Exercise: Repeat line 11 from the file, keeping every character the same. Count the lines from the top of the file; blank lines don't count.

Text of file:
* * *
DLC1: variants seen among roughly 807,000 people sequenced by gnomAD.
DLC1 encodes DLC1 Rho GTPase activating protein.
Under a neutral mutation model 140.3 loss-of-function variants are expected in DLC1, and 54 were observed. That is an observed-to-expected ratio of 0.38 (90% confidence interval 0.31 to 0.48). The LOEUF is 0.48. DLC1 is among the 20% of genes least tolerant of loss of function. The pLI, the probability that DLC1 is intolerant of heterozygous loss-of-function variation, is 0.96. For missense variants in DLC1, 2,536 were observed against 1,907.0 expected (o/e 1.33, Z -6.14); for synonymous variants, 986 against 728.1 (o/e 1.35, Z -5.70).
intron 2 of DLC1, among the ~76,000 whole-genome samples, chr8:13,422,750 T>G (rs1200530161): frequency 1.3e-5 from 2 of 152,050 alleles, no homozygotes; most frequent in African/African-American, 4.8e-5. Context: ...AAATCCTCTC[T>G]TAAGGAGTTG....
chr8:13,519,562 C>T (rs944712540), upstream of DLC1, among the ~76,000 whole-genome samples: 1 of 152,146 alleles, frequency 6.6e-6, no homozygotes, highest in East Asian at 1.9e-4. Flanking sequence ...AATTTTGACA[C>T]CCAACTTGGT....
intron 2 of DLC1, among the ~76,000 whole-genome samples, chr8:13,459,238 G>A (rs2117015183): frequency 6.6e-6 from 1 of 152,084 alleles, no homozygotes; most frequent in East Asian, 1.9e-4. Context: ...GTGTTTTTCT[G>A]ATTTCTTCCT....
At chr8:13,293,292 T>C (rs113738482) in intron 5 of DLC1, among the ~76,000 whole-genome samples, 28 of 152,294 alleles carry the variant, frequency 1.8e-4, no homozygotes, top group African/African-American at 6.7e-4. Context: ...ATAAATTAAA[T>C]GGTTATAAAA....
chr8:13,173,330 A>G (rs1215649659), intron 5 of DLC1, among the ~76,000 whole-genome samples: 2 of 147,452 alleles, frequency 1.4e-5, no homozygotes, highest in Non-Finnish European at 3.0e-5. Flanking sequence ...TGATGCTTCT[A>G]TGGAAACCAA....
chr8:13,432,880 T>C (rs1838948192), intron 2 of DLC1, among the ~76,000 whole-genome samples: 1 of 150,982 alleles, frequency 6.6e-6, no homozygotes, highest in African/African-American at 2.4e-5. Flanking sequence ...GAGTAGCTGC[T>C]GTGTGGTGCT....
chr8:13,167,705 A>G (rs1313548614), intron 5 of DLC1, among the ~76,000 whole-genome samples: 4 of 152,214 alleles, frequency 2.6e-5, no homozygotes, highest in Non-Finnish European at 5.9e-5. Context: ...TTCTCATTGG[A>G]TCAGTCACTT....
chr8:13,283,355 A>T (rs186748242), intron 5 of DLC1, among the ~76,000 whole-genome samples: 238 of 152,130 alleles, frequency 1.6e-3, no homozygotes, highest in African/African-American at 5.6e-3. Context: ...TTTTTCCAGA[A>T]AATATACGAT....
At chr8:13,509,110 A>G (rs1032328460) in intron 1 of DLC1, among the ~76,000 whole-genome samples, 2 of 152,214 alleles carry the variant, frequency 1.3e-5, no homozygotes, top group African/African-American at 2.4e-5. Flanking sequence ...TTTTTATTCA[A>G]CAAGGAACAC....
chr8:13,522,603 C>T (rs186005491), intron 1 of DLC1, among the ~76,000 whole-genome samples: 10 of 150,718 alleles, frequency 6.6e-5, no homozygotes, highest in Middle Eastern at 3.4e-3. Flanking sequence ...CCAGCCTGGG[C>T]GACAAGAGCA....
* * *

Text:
chr8:13,283,355 A>T (rs186748242), intron 5 of DLC1, among the ~76,000 whole-genome samples: 238 of 152,130 alleles, frequency 1.6e-3, no homozygotes, highest in African/African-American at 5.6e-3. Context: ...TTTTTCCAGA[A>T]AATATACGAT....